Every time I called a doctor, always their first question was about insurance. When I said I had none, there would be a pause or a sigh or a curt admonishment that payment was expected in full at the time of my appointment. I felt the same shame as when I was a little girl sitting in the Social Security office beside my widowed mother who was demanding to know why our monthly government check hadn’t arrived.
It is the same shame I felt when I went to a new dermatologist several months ago, smart phone photos of a lesion on my leg at the ready, and when he looked at my chart and saw that I didn’t have insurance, said, “I’m not going to charge you my usual rate. This has to be biopsied, so I’ll ask the lab if they’ll reduce their fee, too. No guarantees.”
Connie May Fowler writes for the Rumpus about what the Affordable Care Act has meant for her life, and for the people she works with: other part-time professors and adjuncts who don’t get health insurance through work.
It’s strange, that particular almost-shame of being uninsured. It’s not as acute as the worry, but there is something to it, however illogical. I was effectively uninsured for a bit last year, and while I made the conscious choice to do that, going to the doctor as a ‘self-pay’ patient still made me feel like some sort of rogue non-adult, as if I were missing a ticket for entry or a stamp on my hand. Luckily, and unlike many people, all I ended up with is a couple of ludicrous bills that I am still trying to negotiate discounts on, but that ultimately, I can afford to pay.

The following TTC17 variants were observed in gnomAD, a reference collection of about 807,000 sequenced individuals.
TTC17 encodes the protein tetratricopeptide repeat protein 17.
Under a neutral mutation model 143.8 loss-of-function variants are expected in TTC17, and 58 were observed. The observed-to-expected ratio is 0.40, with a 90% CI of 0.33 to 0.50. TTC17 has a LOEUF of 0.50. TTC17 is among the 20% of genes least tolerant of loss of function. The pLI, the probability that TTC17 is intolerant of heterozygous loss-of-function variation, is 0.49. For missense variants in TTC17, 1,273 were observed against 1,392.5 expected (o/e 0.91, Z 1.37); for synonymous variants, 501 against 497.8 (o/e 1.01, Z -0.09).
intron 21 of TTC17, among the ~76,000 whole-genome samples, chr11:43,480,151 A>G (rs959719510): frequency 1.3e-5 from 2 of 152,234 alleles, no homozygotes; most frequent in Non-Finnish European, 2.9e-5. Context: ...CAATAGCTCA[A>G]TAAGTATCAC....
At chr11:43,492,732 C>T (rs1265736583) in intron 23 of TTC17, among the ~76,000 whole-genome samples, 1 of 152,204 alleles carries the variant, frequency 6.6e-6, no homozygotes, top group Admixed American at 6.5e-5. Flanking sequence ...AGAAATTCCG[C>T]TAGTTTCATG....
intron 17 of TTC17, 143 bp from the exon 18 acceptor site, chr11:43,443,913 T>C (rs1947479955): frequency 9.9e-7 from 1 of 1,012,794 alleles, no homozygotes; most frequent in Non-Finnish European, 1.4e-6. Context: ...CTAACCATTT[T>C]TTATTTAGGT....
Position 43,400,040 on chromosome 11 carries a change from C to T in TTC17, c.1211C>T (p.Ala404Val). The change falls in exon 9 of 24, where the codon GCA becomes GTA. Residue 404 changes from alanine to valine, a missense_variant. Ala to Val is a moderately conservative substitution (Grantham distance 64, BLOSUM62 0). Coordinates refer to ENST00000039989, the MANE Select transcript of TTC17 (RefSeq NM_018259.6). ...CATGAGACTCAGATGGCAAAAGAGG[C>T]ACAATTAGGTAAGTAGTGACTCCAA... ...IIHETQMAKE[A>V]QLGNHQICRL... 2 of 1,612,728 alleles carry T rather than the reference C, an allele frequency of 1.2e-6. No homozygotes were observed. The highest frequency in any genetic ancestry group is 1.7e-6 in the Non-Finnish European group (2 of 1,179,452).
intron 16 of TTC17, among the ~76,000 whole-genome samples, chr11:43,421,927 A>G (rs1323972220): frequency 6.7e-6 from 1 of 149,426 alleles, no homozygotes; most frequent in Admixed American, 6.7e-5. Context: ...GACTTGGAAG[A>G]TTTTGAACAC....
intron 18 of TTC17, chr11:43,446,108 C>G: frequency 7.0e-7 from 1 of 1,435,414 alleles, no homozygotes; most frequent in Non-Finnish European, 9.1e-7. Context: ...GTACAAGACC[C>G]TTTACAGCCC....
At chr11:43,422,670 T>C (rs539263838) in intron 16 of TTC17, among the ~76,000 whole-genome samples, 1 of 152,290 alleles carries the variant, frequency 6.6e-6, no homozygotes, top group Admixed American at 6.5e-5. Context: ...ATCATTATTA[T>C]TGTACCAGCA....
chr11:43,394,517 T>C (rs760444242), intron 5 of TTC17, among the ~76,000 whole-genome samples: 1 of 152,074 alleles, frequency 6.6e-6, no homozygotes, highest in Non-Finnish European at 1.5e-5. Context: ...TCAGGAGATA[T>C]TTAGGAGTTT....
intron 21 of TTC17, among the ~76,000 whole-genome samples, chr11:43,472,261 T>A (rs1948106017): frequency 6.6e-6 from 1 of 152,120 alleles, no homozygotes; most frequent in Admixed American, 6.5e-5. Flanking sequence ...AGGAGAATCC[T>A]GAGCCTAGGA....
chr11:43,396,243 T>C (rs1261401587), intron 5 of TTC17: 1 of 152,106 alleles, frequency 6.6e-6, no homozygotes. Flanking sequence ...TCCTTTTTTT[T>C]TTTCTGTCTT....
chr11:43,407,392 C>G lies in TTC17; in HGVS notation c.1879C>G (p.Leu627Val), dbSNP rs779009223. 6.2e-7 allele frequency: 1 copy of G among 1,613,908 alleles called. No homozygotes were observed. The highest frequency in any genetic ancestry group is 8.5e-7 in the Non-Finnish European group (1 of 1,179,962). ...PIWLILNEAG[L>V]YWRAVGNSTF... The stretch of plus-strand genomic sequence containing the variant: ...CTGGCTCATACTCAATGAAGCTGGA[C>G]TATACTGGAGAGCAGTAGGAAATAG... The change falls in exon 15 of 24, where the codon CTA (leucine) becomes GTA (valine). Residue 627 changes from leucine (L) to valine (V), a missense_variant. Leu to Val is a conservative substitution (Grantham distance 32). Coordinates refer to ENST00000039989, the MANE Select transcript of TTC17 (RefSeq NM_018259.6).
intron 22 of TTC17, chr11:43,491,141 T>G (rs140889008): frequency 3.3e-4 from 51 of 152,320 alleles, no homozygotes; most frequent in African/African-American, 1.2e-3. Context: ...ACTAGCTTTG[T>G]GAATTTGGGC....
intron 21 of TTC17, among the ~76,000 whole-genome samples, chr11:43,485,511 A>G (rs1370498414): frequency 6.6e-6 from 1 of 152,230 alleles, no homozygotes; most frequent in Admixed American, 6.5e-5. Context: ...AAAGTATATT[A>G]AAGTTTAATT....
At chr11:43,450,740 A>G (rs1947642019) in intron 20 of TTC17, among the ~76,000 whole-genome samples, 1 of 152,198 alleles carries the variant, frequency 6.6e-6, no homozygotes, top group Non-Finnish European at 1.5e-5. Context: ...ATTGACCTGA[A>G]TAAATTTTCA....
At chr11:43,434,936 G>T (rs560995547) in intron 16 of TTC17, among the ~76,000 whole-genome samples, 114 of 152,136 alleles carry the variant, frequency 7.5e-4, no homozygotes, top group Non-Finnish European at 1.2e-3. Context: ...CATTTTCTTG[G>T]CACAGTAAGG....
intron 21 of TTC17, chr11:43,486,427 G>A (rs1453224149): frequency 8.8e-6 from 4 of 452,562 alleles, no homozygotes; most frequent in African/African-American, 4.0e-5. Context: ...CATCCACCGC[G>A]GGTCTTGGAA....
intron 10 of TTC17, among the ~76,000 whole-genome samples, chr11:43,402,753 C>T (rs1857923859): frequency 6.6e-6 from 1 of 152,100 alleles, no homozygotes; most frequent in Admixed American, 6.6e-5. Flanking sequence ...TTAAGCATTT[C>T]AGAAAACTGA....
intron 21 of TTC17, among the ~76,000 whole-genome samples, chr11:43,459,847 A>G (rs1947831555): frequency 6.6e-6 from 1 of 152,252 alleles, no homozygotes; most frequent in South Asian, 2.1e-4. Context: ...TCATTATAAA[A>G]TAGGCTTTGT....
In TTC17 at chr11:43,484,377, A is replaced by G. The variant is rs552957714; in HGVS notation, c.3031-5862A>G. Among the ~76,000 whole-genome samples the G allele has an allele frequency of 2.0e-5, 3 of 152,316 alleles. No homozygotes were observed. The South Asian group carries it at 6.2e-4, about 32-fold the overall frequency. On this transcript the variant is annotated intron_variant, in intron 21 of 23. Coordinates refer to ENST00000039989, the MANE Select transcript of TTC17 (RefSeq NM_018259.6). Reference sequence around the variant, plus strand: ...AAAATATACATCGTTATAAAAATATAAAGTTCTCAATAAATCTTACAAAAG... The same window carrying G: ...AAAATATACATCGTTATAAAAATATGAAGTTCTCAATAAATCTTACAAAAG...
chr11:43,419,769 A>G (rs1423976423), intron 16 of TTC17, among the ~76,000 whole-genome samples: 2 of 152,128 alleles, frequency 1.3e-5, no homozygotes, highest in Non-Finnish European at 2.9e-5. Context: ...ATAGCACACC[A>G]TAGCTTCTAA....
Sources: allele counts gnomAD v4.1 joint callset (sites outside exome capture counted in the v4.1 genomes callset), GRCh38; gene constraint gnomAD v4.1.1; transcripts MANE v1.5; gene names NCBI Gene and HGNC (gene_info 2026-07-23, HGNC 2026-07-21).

As for Connie, her melanoma is back but she is feeling okay about it:
The only time I’m scared is when I consider what it would be like to go through this without insurance. As more colleges and universities convert tenure track jobs to non-tenured positions, and as more businesses of any ilk decide to label their workforce part-time regardless of hours worked, more Americans will rely on ACA for their healthcare coverage. Searching for a silver lining, I discern something positive about artists and writers and time clock punchers having a common bond through healthcare. Perhaps as a country we’ll be more creative. If we’re not worried about how we’ll pay if a health disaster strikes, we’ll have more room to write books, paint paintings, compose songs, dream.